Dr. Mary S. Newell, assistant breast-imaging chief at Emory University in Atlanta added that "we can do better than we're doing."  She's helping test one of the 3D approaches.

Traditional mammograms work by X-raying breast tissue.  Shadows indicate denser spots, which could be tumors.  Regular mammograms for women over 40 are very beneficial as they can catch cancer earlier, in a more treatable stage.  Dense breasts however show up as one big shadowy mass.

Currently there are two alternatives.  Some women have elected to go for ultrasound scans of their dense breasts.  There have been a handful of studies supporting this approach, but it remains controversial and many physicians remain skeptical.  Others go for MRIs, which can spot unusual blood flow, indicating a tumor.  However, the MRI carries a $1,000 plus price tag.  Furthermore, both methods frequently have false positives, creating hassle and unnecessary fear for the patient.

One of the new methods is "stereo mammograms".  These mammograms help standard 2D mammogram images taken by literally smushing the woman's breast into mammogram unit, as usual to flatten the breast.  The image is only a little different than standard ones, but by using special glasses that utilize stereoscopic effects in the differences in angles between the two eyes, a pseudo-3D image is created.  This image can help doctors spot unseen spots under soft tissue.

In a new soon-to-be-published study in which Emory radiologists gave both the classic and the new stereo scan mammograms to patients, the new method improved detection by 23 percent and lowered false positives by 46 percent.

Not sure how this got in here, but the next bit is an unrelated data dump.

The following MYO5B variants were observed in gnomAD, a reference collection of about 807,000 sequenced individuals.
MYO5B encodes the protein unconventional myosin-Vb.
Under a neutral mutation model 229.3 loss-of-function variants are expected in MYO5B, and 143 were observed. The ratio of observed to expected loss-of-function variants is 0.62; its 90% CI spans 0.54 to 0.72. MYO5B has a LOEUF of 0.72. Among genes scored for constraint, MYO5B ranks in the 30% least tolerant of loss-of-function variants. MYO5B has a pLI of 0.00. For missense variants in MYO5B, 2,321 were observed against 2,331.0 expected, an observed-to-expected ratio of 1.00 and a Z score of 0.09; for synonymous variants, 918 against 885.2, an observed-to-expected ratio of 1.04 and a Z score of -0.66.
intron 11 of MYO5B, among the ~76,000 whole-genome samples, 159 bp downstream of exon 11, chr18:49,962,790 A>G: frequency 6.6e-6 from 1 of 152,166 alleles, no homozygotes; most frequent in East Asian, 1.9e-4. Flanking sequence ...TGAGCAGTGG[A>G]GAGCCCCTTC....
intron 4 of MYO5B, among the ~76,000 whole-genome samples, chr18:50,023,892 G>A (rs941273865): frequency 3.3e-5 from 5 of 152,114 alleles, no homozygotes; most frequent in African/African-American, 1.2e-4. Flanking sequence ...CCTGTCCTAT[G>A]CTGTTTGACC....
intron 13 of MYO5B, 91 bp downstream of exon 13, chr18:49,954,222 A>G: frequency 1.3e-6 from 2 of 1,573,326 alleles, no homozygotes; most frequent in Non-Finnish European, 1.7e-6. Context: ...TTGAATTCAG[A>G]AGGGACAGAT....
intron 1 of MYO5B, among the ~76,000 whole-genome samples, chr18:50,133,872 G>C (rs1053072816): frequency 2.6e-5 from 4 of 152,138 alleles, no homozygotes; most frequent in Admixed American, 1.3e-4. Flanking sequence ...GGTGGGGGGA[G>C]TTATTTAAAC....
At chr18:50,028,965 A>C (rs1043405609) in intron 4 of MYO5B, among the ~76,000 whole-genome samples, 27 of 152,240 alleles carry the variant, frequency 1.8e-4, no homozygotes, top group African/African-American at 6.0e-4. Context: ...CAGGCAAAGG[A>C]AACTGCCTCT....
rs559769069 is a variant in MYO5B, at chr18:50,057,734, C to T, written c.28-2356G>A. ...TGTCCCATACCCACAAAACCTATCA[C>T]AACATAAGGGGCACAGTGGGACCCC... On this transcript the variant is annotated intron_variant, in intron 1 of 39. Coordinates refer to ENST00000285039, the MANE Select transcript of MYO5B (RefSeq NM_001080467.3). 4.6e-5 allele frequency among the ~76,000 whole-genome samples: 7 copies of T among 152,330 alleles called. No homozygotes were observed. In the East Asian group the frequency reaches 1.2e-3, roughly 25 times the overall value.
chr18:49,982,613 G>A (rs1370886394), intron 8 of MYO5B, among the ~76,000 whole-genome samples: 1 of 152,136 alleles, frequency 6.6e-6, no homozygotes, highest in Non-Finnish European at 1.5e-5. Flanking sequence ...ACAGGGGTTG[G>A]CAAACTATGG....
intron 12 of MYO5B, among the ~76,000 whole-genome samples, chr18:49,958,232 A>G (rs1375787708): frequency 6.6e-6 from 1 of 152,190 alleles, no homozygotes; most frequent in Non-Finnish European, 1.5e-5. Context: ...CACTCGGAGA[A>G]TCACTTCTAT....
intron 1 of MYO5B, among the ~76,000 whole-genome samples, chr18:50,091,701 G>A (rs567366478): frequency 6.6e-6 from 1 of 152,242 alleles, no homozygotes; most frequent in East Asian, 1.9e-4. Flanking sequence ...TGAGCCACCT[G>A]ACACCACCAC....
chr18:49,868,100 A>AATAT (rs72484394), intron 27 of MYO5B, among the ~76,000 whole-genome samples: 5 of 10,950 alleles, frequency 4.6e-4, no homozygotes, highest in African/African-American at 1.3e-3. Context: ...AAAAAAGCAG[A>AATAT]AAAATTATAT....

The second method, being developed by the Mayo Clinic, is named molecular breast imaging, or MBI.  It detects tumor not by a visual, but by how it acts.  Doctors inject a radioactive tracer, typically used in heart tests.  It has been found that the tracer collects in breast tumors and when exposed to a small gamma ray camera it lights up for easy viewing and detection of tumors.

Unlike MRIs, which require a separate visit and massive expensive equipment, the new scan can be done on the same visit and in the same room as the X-ray machine said Mayo radiology fellow Carrie Beth Hruska.

The MBI method in a recent test proved almost as accurate as the MRI, a proven technology.  It detected 51 tumors in 30 patients, while the MRI found 53 cancers in 31 patients.  Dr. Hruska presented these results at a Defense Department breast cancer conference last week.